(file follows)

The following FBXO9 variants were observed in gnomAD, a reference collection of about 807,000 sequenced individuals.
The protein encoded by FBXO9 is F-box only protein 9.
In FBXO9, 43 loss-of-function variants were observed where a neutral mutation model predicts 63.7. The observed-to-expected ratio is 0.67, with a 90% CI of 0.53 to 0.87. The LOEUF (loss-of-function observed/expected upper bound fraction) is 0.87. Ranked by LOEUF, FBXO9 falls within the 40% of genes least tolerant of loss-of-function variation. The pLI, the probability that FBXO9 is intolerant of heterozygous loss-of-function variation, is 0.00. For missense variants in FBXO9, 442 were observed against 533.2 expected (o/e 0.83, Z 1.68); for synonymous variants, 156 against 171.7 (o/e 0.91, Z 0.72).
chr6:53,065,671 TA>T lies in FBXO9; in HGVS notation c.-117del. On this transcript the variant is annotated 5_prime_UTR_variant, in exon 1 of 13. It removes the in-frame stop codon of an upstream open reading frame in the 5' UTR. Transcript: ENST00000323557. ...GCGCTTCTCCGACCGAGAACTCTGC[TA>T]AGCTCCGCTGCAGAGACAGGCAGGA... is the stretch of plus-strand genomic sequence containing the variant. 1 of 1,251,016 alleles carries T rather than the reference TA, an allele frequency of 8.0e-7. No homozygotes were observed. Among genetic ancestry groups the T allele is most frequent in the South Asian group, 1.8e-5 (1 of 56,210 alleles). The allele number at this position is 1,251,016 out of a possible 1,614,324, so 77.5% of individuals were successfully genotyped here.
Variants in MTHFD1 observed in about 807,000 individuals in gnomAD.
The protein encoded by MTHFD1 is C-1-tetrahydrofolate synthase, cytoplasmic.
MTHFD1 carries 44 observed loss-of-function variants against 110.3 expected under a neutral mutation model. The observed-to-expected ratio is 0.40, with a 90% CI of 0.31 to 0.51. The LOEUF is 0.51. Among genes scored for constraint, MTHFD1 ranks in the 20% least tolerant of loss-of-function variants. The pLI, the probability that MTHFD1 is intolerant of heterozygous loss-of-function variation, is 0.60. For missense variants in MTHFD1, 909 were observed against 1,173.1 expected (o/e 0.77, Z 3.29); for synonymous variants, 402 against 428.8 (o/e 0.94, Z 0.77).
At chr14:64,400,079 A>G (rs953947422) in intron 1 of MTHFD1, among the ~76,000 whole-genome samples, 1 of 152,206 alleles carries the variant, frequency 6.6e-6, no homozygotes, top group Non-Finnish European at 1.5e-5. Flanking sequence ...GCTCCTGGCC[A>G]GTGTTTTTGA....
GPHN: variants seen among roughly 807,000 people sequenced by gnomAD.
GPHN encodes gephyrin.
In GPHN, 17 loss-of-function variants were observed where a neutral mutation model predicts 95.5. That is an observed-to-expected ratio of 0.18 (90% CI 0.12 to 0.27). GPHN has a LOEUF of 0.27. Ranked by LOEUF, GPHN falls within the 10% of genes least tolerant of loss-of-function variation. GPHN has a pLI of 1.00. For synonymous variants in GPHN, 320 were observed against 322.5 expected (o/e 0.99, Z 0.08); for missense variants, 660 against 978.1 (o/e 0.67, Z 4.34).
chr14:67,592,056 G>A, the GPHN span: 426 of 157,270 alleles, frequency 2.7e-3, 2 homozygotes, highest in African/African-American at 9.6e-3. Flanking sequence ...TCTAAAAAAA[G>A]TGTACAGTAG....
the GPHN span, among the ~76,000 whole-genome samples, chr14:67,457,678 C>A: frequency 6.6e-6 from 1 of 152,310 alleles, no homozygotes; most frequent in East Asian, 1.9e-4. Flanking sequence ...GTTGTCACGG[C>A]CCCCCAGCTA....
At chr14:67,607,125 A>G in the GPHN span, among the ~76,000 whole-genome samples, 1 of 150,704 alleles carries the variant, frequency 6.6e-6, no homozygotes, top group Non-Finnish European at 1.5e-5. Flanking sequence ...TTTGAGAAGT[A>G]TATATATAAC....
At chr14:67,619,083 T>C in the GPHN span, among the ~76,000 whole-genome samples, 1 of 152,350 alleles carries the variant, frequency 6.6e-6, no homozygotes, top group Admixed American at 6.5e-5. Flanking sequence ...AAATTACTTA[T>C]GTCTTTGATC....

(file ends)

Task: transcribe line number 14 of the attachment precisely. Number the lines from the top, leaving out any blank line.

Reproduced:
At chr14:67,607,125 A>G in the GPHN span, among the ~76,000 whole-genome samples, 1 of 150,704 alleles carries the variant, frequency 6.6e-6, no homozygotes, top group Non-Finnish European at 1.5e-5. Flanking sequence ...TTTGAGAAGT[A>G]TATATATAAC....